the square ball weekBack
Last week in this column I finally relented and stopped pussyfooting around the subject of the never ending takeover wrangles. It looks like I was just in time, as never came sooner than I thought: seven days on and all the wrangles have fallen away, leaving only the takeover, gleaming and complete. In the end £52million and a 10.30pm handshake was all it took for GFH Capital to buy 100% of Leeds United from Ken Bates; what’s more, they got Ken Bates thrown in with the deal as well. That’s either a fantastic bit of negotiation on GFHC’s part, to retain Ken’s years of football experience at no extra cost, or the first symptom of a new disease: Post-Takeover Stress Disorder.
Fittingly, after the six months of internet bickering that will define much of the public face of the takeover, the announcement was preceded by people who should know better messing around on Twitter. “Duncan Castles is correct, another deadline was missed,” tweeted Salem Patel of GFHC, in response to another doubting story from the bank’s bête noire, just forty-five minutes before the announcement. “At least I can take a well deserved holiday,” he added, as news of a State Radio address from Ken Bates fanned the flames. It was all off, we thought. Step forward, Preston Haskell IV. Reveal yourself, mysterious Saudi.
Ha! You guys. Who knew venture capitalists could be so much fun?
Ten minutes later Salem’s partner in please-dear-god-we-hope-it’s-not crime, David Haigh, was off to pick up the keys to Elland Road (which, for now, they’re still only renting) while the rest of us tried to take in the statement on the official site and Ken’s radio ramble and, well, just the whole thing, really. 10.30am, Wednesday 21st November, 2012, the beginning of Post-Takeover Stress Disorder stage one: confusion and disorientation.
The takeover had taken so long it had itself taken over Leeds United to a large extent. There was only a month of respite after last season before ‘Toma-frenzy’ took hold, and apart from adjusting to new owners, it will take some adjustment to get used to life without the perpetual uncertainty, intrigue and rumour. Post-Takeover Stress Disorder stage two: emotional numbing. How do we fill the days now?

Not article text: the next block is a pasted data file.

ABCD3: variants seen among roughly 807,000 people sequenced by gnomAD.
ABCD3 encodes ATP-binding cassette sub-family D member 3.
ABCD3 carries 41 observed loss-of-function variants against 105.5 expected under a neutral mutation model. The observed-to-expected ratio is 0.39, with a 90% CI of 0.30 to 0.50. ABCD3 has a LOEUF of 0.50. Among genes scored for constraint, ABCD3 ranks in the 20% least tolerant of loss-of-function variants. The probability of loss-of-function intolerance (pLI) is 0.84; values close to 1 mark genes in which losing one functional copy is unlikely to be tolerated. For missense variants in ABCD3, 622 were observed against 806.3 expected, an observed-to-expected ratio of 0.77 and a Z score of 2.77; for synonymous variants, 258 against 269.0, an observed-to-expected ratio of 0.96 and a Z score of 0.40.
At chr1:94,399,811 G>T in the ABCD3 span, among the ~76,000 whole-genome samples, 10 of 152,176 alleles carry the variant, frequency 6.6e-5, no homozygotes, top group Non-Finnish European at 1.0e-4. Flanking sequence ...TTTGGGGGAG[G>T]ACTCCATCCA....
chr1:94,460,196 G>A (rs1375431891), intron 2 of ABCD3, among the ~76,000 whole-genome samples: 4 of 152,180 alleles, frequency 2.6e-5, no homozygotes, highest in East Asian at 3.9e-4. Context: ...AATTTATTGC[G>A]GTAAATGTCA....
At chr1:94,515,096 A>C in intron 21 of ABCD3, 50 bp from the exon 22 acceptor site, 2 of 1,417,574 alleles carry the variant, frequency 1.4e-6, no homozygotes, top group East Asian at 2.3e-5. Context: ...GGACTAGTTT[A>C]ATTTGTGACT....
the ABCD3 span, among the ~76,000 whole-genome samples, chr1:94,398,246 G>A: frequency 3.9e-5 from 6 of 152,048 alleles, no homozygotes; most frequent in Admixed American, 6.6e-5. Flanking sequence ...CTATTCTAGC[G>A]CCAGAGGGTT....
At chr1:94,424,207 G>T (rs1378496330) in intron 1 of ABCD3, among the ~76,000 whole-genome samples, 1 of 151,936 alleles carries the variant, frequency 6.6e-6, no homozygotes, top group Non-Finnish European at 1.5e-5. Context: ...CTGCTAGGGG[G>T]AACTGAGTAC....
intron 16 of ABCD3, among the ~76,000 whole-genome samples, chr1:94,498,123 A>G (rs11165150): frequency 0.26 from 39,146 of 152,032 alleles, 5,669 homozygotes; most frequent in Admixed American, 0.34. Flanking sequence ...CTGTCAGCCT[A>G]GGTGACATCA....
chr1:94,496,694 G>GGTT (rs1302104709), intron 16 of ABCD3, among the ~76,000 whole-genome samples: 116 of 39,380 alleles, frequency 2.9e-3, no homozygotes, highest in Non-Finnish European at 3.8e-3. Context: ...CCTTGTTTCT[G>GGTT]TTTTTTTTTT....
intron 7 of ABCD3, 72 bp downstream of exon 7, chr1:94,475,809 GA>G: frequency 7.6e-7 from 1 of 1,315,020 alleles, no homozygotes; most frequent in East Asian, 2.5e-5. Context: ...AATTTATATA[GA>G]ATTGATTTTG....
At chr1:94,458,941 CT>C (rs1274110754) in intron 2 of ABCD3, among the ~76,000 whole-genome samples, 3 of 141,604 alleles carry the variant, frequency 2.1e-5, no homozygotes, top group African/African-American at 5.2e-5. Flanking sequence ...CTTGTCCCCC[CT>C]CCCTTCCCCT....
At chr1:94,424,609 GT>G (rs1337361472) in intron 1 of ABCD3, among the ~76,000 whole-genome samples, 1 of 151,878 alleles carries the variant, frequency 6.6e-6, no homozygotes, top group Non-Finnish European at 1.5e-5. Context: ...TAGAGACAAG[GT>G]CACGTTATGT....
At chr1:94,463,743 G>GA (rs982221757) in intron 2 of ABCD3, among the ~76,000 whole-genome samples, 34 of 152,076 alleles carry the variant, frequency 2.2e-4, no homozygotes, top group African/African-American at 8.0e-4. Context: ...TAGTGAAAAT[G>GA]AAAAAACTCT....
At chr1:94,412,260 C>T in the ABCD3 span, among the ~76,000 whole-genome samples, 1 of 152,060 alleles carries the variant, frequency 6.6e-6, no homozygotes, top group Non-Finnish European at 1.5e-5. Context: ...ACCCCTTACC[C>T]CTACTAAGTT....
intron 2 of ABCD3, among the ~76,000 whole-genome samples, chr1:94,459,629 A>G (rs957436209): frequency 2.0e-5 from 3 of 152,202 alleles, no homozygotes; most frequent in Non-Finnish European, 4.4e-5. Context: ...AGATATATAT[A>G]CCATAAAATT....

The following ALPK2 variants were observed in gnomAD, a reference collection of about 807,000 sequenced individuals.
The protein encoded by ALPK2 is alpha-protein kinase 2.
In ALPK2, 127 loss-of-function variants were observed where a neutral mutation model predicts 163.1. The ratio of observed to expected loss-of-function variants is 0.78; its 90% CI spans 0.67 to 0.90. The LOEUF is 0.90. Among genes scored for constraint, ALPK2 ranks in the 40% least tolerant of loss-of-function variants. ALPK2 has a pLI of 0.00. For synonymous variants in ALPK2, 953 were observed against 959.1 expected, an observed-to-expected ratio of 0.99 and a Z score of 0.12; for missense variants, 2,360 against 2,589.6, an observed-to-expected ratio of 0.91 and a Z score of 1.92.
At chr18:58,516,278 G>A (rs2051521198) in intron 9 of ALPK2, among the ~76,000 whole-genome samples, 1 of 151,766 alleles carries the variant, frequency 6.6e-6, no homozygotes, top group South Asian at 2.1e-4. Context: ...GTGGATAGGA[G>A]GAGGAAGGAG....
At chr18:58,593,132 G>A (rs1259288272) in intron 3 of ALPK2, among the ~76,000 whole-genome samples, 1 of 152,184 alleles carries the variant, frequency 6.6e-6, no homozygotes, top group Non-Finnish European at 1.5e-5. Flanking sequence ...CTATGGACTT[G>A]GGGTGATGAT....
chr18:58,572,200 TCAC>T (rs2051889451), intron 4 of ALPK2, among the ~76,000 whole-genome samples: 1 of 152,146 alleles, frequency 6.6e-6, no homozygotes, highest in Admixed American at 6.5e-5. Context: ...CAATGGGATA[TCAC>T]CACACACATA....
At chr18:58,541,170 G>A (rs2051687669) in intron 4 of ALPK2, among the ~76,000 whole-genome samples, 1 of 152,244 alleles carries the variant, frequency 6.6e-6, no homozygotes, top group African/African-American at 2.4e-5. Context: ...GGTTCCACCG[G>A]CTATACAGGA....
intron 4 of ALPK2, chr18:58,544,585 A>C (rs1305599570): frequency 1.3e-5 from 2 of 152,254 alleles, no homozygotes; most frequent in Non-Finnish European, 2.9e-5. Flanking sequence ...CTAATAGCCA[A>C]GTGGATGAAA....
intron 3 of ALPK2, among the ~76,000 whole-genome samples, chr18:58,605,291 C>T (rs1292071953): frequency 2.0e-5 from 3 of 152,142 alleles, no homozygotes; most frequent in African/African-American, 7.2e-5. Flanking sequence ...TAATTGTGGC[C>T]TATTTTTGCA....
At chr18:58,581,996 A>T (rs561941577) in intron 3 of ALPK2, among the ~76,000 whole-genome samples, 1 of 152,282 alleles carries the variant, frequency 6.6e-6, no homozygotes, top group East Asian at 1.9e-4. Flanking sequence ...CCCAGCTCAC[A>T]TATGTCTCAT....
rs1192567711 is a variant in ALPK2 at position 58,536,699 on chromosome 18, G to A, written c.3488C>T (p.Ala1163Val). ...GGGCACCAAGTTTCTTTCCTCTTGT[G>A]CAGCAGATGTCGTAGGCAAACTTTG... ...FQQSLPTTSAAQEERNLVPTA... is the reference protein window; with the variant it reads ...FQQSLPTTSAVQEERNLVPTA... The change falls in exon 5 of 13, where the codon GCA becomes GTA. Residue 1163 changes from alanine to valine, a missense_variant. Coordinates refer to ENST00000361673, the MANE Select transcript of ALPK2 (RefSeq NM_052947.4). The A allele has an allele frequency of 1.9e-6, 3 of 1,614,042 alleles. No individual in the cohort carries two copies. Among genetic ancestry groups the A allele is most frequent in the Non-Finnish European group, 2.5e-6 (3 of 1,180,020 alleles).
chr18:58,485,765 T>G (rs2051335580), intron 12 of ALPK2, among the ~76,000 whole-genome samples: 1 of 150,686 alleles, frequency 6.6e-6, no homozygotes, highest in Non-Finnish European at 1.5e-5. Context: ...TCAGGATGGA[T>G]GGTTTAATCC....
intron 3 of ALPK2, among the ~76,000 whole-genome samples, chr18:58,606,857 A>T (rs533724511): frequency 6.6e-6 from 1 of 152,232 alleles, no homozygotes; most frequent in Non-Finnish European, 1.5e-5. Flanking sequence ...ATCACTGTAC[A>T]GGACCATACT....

Which leads to Post-Takeover Stress Disorder stage three: the part where you stay up late into the night, staring at the walls, wondering if all is as it seems. The statement says the deal has been signed… but not completed? It’s going to take… another month? For definite this time? Have GFHC bought Leeds United – or Leeds City Holdings – or Forward Sports Fund – or Outro – or what? Do they have the money to transform the club? Who is the mysterious “wealthy individual” backing them? What’s with the TV channel bid? Why is the statement on the official site worded differently to the one on the GFH Capital site? Ken Bates is still chairman? Ken Bates is going to be president?!
That’s the major uh-oh in all this. If the takeover was about anything, it was about change: new people with new ideas and a new broom doing new things. Instead Ken will remain chairman until the end of the season – and, to quote him yesterday, “Nothing has changed.” The role may carry minimal powers now GFHC own the club and will soon dominate the boardroom, and the position of president may only be honorary, but I’d as soon any new owner had kicked Ken’s arse all the way back to Monaco and told him never again to shame West Yorkshire with his presence. Instead, he’s going to be president – effectively a promotion for life as a reward for eight years of absolute rubbish. Any pyramid of power that has Ken Bates atop still needs ‘Bates Out’ to be spray painted on its side; that much, I suppose, hasn’t changed.